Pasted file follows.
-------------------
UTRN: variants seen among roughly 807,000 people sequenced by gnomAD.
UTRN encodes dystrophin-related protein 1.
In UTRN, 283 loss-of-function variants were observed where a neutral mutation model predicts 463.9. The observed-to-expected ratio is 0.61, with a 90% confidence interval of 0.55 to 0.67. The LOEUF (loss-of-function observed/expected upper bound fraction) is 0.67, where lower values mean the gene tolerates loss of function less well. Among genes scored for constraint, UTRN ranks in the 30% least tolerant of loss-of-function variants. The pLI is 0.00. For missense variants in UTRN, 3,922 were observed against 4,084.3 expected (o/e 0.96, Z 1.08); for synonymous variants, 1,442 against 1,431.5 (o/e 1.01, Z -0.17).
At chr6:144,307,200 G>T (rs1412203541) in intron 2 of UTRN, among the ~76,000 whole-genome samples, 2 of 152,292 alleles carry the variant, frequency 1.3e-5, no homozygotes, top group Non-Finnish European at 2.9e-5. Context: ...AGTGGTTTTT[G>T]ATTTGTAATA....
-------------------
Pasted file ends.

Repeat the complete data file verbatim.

UTRN: variants seen among roughly 807,000 people sequenced by gnomAD.
UTRN encodes dystrophin-related protein 1.
In UTRN, 283 loss-of-function variants were observed where a neutral mutation model predicts 463.9. The observed-to-expected ratio is 0.61, with a 90% confidence interval of 0.55 to 0.67. The LOEUF (loss-of-function observed/expected upper bound fraction) is 0.67, where lower values mean the gene tolerates loss of function less well. Among genes scored for constraint, UTRN ranks in the 30% least tolerant of loss-of-function variants. The pLI is 0.00. For missense variants in UTRN, 3,922 were observed against 4,084.3 expected (o/e 0.96, Z 1.08); for synonymous variants, 1,442 against 1,431.5 (o/e 1.01, Z -0.17).
At chr6:144,307,200 G>T (rs1412203541) in intron 2 of UTRN, among the ~76,000 whole-genome samples, 2 of 152,292 alleles carry the variant, frequency 1.3e-5, no homozygotes, top group Non-Finnish European at 2.9e-5. Context: ...AGTGGTTTTT[G>T]ATTTGTAATA....